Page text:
On the North Walsham and Dilham canal work has been progressing at an astonishing pace.   The lock at Spa Common has been completely renovated and the lock gates have been built from scratch.  Both these items have been fascinating to watch and have produced some priceless archive footage.
Completed Lock at Spa Common
 At Ebridge the canal has been returned to its former glory and is teeming with wildlife.   I have never seen so many froglets at one time in my entire life.  The little critters were crawling over each other in their hundreds in the sheltered waters of the mill pool. This abundance of frogs will create a vital link in the food chain  - not the best news for frogs but it will please the Herons .   A Yellow Wagtail made himself at home on the dredger and a Kingfisher showed a great deal of interest as he sped up and down the renovated waterway, in a flash of iridescent blue.   It was at Ebridge that a (four spotted chaser) dragonfly kept me engrossed for almost two hours as it repeatedly skimmed the water and landed a few feet from the camera lens.  More great shots for the archive.

Further downstream  Briggate Mill and Honing lock are looking spruce and well cared for.   In fact the entire length of canal between Honing lock and Royston bridge has seen unbelievable progress which has been diligently recorded and safely stored.

A few miles away at WYCCT yard the wherry yacht "Olive" is undergoing some major surgery on the slipway.  My weekly visits have produced some interesting archive material.   Sister ship "Norada" was re-launched earlier this summer in time for her centenary year. Although the weather did it's best to spoil the day there was a gathering of wherries on Salhouse broad to welcome her back.
"Norada" On The Slipway

One of the highlights of the summer was the shoot on Wroxham broad,  I was invited as a guest of the Norfolk Wherry Trust.  The event was a celebration of the last Norfolk wherry to be built.  The wherry in question was the "Ella" now long gone - but not forgotten  -  sunk in Decoy broad some years ago when she reached the end of her useful life. Her skipper on that last journey, (Mr John Bircham) was among the guests. Five of the eight surviving wherries sailed into Wroxham broad in honour of "Ella"   Making a fantastic sight as they sailed in a loose formation around the broad.  It was a great filming opportunity which allowed me to capture some of my best wherry footage to date.
"Albion" Shooting Wroxham Bridge (Photo courtesey Chris Holloway)

Another highlight this summer was filming "Albion" passing under Wroxham bridge on her way to and from Coltishall where she was one of the star attractions of the BNCT centenary event.   In order to shoot the bridge it was necessary to flood the bilges to gain those precious inches of air draught that would allow her through.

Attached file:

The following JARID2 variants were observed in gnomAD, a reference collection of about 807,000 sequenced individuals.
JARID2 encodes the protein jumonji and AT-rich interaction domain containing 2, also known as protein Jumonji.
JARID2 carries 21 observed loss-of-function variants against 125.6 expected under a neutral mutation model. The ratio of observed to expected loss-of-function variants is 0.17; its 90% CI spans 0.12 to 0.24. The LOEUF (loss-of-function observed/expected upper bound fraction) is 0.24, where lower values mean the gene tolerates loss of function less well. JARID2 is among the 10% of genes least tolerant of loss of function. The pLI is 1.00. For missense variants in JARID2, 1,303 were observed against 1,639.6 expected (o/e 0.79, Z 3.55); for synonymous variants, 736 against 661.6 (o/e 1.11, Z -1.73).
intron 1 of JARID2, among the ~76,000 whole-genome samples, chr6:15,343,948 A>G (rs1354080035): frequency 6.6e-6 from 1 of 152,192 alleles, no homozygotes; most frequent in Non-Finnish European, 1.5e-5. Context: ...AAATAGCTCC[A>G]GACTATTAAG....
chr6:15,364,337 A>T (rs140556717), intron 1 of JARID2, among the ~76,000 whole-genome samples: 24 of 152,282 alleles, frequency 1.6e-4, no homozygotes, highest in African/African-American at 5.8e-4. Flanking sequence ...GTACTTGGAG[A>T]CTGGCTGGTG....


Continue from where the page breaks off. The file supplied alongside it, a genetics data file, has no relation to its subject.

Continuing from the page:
I am looking forward to Autumn and the softer light that comes with it and those sumptuous Autumn colours. 

If you would like to view clips of  the projects mentioned above click on the link below.

http://www.youtube.com/user/norriemk2?feature=mhee














Wednesday, 1 August 2012

The North Walsham and Dilham. Part two.


Like a vision from a Jerome K. Jerome novel, three men, a canoe and a camera set off from Wayford Bridge  to explore the North Walsham and Dilham canal and paddle up to Honing lock.   Dragonflies and Swallows swooped low over the water ahead of the canoe as we made our way into the main channel.  By sheer good fortune we had picked a perfect day for our trip during  the wettest June for thirty years, bright sunlight with just a hint of a following breeze .

To see a video of our trip along the canal click here.

Great tracts of the North Walsham and Dilham canal have remained derelict and untouched for years since the last wherry traded there in the 1930's.  As nature has encroached and reclaimed the banks and water margins only small craft  are able to navigate the waterway.  This splendid isolation has created a semi wilderness and provided a truly memorable journey for those prepared to make the effort.    The canal still has a generous width at the Wayford end with enough depth to allow cruisers up to the staithe at Dilham.  Fork right (or starboard) at the Dilham turn and the old canal sets off toward Honing, Briggate, Ebridge and Bacton Wood.  Built almost two hundred years ago the canal served the mills along its nine miles.    When it was first opened the canal reached as far Swafield and Antingham but this section was abandoned and de-watered  in 1893.   Currently the only navigable sections are between Wayford Bridge and Honing lock, with a recently opened section from Ebridge mill to Spa Common.

Wayford Bridge
 Our plan was to paddle from Wayford Bridge to the lock at Honing a popular trip for canoeists and the most accessible.   For the first mile or so the canal is fairly wide with overhanging trees, in spite of this prolific canopy  the canal flows beneath an open sky.  Lush green trees confused with blue sky and white clouds reflected in the water and rippled past the canoe as we headed west.   Fallen trees floated out  into the water anchored to the banks by their roots, there was ample clearance to pass them by on these wider sections of the canal.
Fallen trees anchored by their roots.

There are very few man made features along the this stretch of the canal, once the noise of traffic is left behind at Wayford bridge there is a sense of remoteness, of glorious isolation.   We were travelling back in time to the days of the wherries where no clocks or timetables held sway, only wind and tide. 

Our little canoe glided over the water toward Tonnage bridge where a toll keepers cottage once stood.  Every cargo on the canal had to pay tolls at this point with few exceptions.   The original Tonnage bridge collapsed in 1980 but was rebuilt in 1982 with a grant from the Broads Authority. 

Tonnage Bridge